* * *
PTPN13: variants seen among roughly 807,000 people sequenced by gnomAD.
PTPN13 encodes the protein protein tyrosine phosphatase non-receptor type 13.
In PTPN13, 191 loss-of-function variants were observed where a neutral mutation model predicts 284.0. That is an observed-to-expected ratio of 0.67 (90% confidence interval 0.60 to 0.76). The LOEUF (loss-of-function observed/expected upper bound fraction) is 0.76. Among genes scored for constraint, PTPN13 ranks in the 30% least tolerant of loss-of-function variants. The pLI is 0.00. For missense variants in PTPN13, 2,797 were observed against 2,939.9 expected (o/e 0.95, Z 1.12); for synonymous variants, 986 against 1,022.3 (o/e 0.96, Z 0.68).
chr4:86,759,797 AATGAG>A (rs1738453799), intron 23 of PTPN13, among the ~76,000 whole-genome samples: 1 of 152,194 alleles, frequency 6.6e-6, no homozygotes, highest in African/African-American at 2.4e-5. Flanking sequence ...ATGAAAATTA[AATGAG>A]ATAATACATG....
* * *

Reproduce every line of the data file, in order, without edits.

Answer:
PTPN13: variants seen among roughly 807,000 people sequenced by gnomAD.
PTPN13 encodes the protein protein tyrosine phosphatase non-receptor type 13.
In PTPN13, 191 loss-of-function variants were observed where a neutral mutation model predicts 284.0. That is an observed-to-expected ratio of 0.67 (90% confidence interval 0.60 to 0.76). The LOEUF (loss-of-function observed/expected upper bound fraction) is 0.76. Among genes scored for constraint, PTPN13 ranks in the 30% least tolerant of loss-of-function variants. The pLI is 0.00. For missense variants in PTPN13, 2,797 were observed against 2,939.9 expected (o/e 0.95, Z 1.12); for synonymous variants, 986 against 1,022.3 (o/e 0.96, Z 0.68).
chr4:86,759,797 AATGAG>A (rs1738453799), intron 23 of PTPN13, among the ~76,000 whole-genome samples: 1 of 152,194 alleles, frequency 6.6e-6, no homozygotes, highest in African/African-American at 2.4e-5. Flanking sequence ...ATGAAAATTA[AATGAG>A]ATAATACATG....